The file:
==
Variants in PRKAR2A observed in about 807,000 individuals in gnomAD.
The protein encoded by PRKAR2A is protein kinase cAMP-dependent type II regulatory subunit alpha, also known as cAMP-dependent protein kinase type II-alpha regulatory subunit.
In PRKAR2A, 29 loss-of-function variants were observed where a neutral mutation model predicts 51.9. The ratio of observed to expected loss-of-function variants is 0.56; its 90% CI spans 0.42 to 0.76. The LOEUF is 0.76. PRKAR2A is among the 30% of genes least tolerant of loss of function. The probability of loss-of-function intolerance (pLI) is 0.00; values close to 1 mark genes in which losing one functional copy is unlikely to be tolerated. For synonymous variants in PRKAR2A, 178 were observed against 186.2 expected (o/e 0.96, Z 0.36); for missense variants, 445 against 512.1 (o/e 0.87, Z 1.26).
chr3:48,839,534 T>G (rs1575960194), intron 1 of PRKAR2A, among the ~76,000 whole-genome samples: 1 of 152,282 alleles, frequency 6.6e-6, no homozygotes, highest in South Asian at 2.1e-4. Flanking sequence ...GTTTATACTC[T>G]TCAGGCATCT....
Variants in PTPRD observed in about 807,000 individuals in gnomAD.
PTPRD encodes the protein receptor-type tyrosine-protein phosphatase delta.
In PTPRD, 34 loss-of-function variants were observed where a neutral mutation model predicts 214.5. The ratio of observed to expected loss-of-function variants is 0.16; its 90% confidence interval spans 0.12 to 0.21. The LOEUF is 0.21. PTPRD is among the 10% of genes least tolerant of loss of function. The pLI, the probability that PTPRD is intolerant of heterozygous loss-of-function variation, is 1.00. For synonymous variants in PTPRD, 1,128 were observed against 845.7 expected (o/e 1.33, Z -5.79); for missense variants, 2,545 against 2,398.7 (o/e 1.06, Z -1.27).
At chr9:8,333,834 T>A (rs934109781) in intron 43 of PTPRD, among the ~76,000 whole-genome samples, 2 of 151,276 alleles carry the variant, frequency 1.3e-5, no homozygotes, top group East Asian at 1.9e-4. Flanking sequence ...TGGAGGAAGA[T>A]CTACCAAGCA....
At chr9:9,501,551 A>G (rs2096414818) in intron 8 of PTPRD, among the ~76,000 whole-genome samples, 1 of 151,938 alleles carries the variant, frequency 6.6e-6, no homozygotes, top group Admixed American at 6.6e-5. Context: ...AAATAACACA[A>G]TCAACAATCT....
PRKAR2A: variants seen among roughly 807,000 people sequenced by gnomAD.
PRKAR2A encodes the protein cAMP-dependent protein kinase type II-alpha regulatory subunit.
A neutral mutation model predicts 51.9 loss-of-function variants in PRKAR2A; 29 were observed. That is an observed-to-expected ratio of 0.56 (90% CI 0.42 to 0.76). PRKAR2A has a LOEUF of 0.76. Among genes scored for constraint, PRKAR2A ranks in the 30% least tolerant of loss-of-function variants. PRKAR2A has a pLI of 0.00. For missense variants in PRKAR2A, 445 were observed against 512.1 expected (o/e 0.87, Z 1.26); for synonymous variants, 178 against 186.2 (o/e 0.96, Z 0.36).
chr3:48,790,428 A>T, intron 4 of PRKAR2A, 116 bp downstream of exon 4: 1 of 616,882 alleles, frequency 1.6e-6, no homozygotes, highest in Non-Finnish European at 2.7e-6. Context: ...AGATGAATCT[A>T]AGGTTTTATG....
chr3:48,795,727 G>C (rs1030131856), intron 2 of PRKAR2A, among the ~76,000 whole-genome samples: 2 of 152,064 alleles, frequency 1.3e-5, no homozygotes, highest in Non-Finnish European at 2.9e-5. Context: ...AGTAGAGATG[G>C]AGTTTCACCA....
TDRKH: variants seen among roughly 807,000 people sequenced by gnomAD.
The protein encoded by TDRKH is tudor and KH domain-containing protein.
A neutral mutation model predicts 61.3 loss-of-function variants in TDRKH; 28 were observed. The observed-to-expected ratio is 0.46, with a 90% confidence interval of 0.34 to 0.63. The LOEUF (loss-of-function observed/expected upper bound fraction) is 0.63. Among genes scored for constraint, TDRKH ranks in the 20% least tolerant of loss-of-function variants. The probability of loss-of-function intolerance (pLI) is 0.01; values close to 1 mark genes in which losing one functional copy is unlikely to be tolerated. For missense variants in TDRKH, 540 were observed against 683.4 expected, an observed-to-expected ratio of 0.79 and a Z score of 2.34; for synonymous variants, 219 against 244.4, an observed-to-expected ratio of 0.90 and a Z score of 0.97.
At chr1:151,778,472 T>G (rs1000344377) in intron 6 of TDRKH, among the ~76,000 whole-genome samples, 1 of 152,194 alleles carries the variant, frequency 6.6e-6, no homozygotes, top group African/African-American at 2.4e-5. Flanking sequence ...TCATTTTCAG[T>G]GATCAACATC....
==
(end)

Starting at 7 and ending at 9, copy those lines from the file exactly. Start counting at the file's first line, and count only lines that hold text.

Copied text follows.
In PTPRD, 34 loss-of-function variants were observed where a neutral mutation model predicts 214.5. The ratio of observed to expected loss-of-function variants is 0.16; its 90% confidence interval spans 0.12 to 0.21. The LOEUF is 0.21. PTPRD is among the 10% of genes least tolerant of loss of function. The pLI, the probability that PTPRD is intolerant of heterozygous loss-of-function variation, is 1.00. For synonymous variants in PTPRD, 1,128 were observed against 845.7 expected (o/e 1.33, Z -5.79); for missense variants, 2,545 against 2,398.7 (o/e 1.06, Z -1.27).
At chr9:8,333,834 T>A (rs934109781) in intron 43 of PTPRD, among the ~76,000 whole-genome samples, 2 of 151,276 alleles carry the variant, frequency 1.3e-5, no homozygotes, top group East Asian at 1.9e-4. Flanking sequence ...TGGAGGAAGA[T>A]CTACCAAGCA....
At chr9:9,501,551 A>G (rs2096414818) in intron 8 of PTPRD, among the ~76,000 whole-genome samples, 1 of 151,938 alleles carries the variant, frequency 6.6e-6, no homozygotes, top group Admixed American at 6.6e-5. Context: ...AAATAACACA[A>G]TCAACAATCT....